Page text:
October 09, 2019
By Madison Layman

Event marketing doesn’t just mean event promotion.  

Times are changing, and so is event marketing. Back in the day, event marketing meant creating a promotion plan for an event to drive attendance. Not anymore! Technically, yes, promotion is still a function of event marketing, but there’s so much more. In Event Marketing Strategy for Dummies, we’ll show you what we mean.  

Think about Event Marketing Strategy Differently 

Move past the basics. Event marketing is about using events as a valuable tool in your marketing toolkit. It doesn’t sit off to the side on its own but fits right into the marketing mix. By thinking about your events program holistically, you can create a program that makes an impact. When we say your events program, we don’t just mean the events you produce – we’re also talking about the events you attend.  

Data, Data, And More Data 

Your events have a job to do, one of which is to drive leads to sales. They also serve to build out attendee profiles, identify buying stage, showcase products, facilitate networking, and more. All of these activities drive data. What data do you gather and how do you use it? We’ll show you.  

Get Out Your Calculators – It’s Time to Figure Out Event ROI 

Driving business goals. Part of your event marketing strategy involves proving the impact of your event and tying your events to business goals. Figuring out how to measure event ROI can be challenging, but we explain best practices and include some tips and tricks to get the job done.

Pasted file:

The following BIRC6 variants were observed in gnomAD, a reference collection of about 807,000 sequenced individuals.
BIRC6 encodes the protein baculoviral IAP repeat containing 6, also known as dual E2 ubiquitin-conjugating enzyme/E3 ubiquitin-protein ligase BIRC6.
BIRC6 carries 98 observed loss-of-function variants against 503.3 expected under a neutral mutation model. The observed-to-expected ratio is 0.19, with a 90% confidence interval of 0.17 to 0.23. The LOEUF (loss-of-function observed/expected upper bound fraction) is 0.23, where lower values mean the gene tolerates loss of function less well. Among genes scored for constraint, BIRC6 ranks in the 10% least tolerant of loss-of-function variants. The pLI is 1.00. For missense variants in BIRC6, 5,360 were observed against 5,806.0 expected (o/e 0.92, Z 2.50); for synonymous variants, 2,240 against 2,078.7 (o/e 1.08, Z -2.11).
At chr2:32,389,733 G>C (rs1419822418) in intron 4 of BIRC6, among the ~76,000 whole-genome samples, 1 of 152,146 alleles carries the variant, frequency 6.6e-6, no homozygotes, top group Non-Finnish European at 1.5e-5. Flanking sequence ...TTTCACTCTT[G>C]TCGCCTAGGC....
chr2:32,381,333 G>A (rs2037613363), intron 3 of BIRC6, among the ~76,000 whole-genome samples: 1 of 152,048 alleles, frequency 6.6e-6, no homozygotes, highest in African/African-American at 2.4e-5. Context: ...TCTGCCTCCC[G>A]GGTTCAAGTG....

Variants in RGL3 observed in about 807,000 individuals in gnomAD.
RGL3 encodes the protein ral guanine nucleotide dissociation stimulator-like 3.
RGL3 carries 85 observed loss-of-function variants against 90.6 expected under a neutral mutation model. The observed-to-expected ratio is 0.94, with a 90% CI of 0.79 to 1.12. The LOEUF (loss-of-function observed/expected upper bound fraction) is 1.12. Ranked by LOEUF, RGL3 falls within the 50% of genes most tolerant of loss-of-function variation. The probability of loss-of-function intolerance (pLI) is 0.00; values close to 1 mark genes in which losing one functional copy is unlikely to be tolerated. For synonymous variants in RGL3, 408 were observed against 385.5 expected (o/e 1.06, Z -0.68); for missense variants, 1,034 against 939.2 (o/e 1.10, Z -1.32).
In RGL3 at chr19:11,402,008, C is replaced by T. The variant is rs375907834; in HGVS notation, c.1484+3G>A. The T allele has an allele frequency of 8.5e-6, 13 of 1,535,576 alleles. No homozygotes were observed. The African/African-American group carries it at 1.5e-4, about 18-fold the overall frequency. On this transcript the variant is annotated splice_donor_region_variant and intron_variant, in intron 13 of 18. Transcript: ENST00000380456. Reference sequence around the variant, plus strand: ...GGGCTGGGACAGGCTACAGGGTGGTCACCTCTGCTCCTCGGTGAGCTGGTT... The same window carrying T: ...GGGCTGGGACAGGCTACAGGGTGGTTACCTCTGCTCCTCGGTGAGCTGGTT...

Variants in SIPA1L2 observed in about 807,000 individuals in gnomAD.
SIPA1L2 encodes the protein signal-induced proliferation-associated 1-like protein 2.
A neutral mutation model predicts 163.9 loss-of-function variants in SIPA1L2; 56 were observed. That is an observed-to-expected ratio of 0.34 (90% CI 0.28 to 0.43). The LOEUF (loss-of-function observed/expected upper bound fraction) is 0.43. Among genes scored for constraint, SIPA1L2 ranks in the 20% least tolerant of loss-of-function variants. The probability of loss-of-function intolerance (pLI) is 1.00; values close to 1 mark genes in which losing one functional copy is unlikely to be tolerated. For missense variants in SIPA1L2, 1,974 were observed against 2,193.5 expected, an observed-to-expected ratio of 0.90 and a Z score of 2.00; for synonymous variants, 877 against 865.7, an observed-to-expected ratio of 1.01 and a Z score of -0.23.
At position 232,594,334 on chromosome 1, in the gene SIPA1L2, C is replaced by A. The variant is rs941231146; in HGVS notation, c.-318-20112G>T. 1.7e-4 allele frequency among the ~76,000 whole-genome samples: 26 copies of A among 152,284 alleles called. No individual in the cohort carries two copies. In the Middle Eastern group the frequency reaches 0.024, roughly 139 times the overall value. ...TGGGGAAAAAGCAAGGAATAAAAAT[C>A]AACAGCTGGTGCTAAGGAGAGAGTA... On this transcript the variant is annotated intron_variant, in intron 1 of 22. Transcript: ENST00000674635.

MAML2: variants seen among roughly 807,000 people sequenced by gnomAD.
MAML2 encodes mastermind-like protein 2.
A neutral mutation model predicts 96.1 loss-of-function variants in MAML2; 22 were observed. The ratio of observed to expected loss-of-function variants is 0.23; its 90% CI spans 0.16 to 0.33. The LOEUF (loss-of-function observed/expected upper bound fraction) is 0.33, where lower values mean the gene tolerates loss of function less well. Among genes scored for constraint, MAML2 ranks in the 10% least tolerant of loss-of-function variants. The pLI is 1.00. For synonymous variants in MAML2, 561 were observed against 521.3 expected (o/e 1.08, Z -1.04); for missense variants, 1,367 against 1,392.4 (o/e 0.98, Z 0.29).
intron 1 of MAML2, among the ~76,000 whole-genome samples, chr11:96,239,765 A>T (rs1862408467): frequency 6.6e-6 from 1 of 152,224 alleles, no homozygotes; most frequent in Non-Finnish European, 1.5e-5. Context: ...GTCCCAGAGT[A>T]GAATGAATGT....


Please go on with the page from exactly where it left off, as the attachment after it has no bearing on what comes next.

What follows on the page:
Event Marketing Strategy for Dummies 

In this eBook, you’ll learn how to: 

  • Create an event program strategy that uses events to meet business goals.  

  • Promote events using tactics that cut through the noise.  

  • Collect and activate attendee data to drive leads to sales and improve marketing activities.  

  • Calculate event ROI and prove the impact of your events program. 


Read Event Marketing Strategy for Dummies



Madison Layman

Madison Layman

A graduate of the College of William and Mary, my passion for writing began before I could read, with a nightly verbal diary dictation transcribed by my obliging parents.

When I'm not writing, you can find me binge-watching TV shows, baking elaborate desserts, and memorizing pop culture facts.

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